Fairmeadow Community Church of The Nazarene
April 10, 2022 Palm Sunday
  • Lead Me To The Cross
  • Matthew 21:1–11 NRSV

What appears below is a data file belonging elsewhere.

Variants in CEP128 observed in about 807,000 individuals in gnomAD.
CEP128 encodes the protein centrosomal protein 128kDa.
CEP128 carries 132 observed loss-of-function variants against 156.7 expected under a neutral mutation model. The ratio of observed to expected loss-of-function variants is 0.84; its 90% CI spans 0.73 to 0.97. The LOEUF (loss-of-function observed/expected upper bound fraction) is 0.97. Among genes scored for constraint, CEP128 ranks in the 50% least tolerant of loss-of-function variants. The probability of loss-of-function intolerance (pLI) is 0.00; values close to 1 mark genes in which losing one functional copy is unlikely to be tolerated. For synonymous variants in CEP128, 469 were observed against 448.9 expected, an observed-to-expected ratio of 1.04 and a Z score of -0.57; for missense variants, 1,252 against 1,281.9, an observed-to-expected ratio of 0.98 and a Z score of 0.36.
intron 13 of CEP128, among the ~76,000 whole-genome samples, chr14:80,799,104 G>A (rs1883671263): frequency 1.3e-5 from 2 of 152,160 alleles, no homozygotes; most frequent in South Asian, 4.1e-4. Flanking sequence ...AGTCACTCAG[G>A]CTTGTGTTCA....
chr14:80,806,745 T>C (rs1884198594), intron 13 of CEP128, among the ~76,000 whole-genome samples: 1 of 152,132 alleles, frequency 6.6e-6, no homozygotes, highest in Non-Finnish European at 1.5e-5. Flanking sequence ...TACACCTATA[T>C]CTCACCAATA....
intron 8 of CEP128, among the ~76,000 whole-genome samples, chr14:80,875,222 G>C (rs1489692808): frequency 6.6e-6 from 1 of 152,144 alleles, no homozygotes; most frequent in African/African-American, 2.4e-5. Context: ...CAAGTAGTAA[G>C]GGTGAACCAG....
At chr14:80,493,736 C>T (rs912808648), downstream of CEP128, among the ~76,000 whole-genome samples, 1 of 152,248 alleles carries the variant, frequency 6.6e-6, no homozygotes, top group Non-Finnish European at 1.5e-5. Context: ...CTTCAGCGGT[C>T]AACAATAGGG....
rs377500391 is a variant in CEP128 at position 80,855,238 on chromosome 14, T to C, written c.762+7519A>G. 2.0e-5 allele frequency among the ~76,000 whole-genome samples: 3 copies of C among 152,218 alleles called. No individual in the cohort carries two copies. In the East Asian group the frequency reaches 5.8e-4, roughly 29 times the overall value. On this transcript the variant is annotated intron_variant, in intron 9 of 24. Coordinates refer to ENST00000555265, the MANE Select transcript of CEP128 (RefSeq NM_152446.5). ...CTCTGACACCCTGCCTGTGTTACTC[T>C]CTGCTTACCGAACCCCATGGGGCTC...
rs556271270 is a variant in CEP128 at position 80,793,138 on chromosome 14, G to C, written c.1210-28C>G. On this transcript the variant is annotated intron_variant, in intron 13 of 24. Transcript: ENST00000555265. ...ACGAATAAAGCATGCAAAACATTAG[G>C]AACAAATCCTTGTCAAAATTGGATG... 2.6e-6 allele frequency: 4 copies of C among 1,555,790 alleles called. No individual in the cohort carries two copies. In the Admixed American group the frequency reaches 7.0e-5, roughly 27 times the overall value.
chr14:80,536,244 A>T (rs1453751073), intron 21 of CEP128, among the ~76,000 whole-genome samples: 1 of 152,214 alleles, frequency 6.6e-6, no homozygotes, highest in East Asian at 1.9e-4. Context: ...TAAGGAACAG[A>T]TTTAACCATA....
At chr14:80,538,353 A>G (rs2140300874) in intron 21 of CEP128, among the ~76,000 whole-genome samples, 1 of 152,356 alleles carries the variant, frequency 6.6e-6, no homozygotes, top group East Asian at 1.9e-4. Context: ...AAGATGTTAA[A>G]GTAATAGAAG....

1 When they had come near Jerusalem and had reached Bethphage, at the Mount of Olives, Jesus sent two disciples, 2 saying to them, “Go into the village ahead of you, and immediately you will find a donkey tied, and a colt with her; untie them and bring them to me. 3 If anyone says anything to you, just say this, ‘The Lord needs them.’ And he will send them immediately.” 4 This took place to fulfill what had been spoken through the prophet, saying, 5 “Tell the daughter of Zion, Look, your king is coming to you, humble, and mounted on a donkey, and on a colt, the foal of a donkey.” 6 The disciples went and did as Jesus had directed them; 7 they brought the donkey and the colt, and put their cloaks on them, and he sat on them. 8 A very large crowd spread their cloaks on the road, and others cut branches from the trees and spread them on the road. 9 The crowds that went ahead of him and that followed were shouting, “Hosanna to the Son of David! Blessed is the one who comes in the name of the Lord! Hosanna in the highest heaven!” 10 When he entered Jerusalem, the whole city was in turmoil, asking, “Who is this?” 11 The crowds were saying, “This is the prophet Jesus from Nazareth in Galilee.”